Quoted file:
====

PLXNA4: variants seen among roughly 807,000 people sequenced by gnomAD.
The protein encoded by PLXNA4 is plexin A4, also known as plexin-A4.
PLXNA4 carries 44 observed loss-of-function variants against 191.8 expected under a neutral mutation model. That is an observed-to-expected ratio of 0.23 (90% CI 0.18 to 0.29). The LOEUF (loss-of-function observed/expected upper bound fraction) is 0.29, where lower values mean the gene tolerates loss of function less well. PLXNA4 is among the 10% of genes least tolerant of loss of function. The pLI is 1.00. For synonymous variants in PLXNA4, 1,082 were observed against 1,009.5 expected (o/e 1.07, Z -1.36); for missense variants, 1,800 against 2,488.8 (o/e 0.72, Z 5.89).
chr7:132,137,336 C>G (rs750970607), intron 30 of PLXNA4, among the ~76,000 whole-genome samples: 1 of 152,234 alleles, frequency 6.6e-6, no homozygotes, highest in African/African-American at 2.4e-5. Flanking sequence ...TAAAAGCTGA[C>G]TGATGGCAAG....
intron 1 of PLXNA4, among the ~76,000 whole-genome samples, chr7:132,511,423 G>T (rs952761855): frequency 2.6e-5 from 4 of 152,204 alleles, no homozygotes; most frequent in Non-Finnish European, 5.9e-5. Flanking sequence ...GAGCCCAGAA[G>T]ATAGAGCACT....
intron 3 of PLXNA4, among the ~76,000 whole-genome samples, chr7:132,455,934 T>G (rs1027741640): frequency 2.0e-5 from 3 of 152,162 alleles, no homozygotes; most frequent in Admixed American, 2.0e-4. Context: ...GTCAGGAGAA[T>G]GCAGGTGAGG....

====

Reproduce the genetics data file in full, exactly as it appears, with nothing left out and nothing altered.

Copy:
PLXNA4: variants seen among roughly 807,000 people sequenced by gnomAD.
The protein encoded by PLXNA4 is plexin A4, also known as plexin-A4.
PLXNA4 carries 44 observed loss-of-function variants against 191.8 expected under a neutral mutation model. That is an observed-to-expected ratio of 0.23 (90% CI 0.18 to 0.29). The LOEUF (loss-of-function observed/expected upper bound fraction) is 0.29, where lower values mean the gene tolerates loss of function less well. PLXNA4 is among the 10% of genes least tolerant of loss of function. The pLI is 1.00. For synonymous variants in PLXNA4, 1,082 were observed against 1,009.5 expected (o/e 1.07, Z -1.36); for missense variants, 1,800 against 2,488.8 (o/e 0.72, Z 5.89).
chr7:132,137,336 C>G (rs750970607), intron 30 of PLXNA4, among the ~76,000 whole-genome samples: 1 of 152,234 alleles, frequency 6.6e-6, no homozygotes, highest in African/African-American at 2.4e-5. Flanking sequence ...TAAAAGCTGA[C>G]TGATGGCAAG....
intron 1 of PLXNA4, among the ~76,000 whole-genome samples, chr7:132,511,423 G>T (rs952761855): frequency 2.6e-5 from 4 of 152,204 alleles, no homozygotes; most frequent in Non-Finnish European, 5.9e-5. Flanking sequence ...GAGCCCAGAA[G>T]ATAGAGCACT....
intron 3 of PLXNA4, among the ~76,000 whole-genome samples, chr7:132,455,934 T>G (rs1027741640): frequency 2.0e-5 from 3 of 152,162 alleles, no homozygotes; most frequent in Admixed American, 2.0e-4. Context: ...GTCAGGAGAA[T>G]GCAGGTGAGG....